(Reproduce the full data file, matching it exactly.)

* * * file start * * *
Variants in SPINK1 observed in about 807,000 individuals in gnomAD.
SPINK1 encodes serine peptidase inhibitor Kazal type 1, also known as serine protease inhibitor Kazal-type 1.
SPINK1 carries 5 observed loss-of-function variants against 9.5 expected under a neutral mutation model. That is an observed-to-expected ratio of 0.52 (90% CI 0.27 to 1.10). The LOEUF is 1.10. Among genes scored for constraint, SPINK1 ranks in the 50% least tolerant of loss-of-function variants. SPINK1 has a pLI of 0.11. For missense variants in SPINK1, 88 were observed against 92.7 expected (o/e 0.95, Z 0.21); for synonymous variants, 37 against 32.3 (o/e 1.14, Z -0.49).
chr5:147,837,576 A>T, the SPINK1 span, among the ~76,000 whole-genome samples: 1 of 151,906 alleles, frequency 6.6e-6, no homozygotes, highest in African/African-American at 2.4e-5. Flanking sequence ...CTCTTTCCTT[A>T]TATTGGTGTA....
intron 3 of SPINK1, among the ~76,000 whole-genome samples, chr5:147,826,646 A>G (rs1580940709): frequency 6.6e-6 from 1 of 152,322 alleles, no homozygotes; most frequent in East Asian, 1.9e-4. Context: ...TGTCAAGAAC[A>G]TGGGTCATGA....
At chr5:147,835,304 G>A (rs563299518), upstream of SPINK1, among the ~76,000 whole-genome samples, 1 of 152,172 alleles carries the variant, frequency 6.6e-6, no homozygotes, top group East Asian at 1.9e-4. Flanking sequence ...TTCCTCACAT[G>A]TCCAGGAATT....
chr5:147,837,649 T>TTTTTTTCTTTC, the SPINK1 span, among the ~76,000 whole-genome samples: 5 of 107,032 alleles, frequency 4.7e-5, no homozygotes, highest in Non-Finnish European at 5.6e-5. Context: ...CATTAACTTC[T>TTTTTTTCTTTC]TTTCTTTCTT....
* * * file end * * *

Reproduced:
Variants in SPINK1 observed in about 807,000 individuals in gnomAD.
SPINK1 encodes serine peptidase inhibitor Kazal type 1, also known as serine protease inhibitor Kazal-type 1.
SPINK1 carries 5 observed loss-of-function variants against 9.5 expected under a neutral mutation model. That is an observed-to-expected ratio of 0.52 (90% CI 0.27 to 1.10). The LOEUF is 1.10. Among genes scored for constraint, SPINK1 ranks in the 50% least tolerant of loss-of-function variants. SPINK1 has a pLI of 0.11. For missense variants in SPINK1, 88 were observed against 92.7 expected (o/e 0.95, Z 0.21); for synonymous variants, 37 against 32.3 (o/e 1.14, Z -0.49).
chr5:147,837,576 A>T, the SPINK1 span, among the ~76,000 whole-genome samples: 1 of 151,906 alleles, frequency 6.6e-6, no homozygotes, highest in African/African-American at 2.4e-5. Flanking sequence ...CTCTTTCCTT[A>T]TATTGGTGTA....
intron 3 of SPINK1, among the ~76,000 whole-genome samples, chr5:147,826,646 A>G (rs1580940709): frequency 6.6e-6 from 1 of 152,322 alleles, no homozygotes; most frequent in East Asian, 1.9e-4. Context: ...TGTCAAGAAC[A>G]TGGGTCATGA....
At chr5:147,835,304 G>A (rs563299518), upstream of SPINK1, among the ~76,000 whole-genome samples, 1 of 152,172 alleles carries the variant, frequency 6.6e-6, no homozygotes, top group East Asian at 1.9e-4. Flanking sequence ...TTCCTCACAT[G>A]TCCAGGAATT....
chr5:147,837,649 T>TTTTTTTCTTTC, the SPINK1 span, among the ~76,000 whole-genome samples: 5 of 107,032 alleles, frequency 4.7e-5, no homozygotes, highest in Non-Finnish European at 5.6e-5. Context: ...CATTAACTTC[T>TTTTTTTCTTTC]TTTCTTTCTT....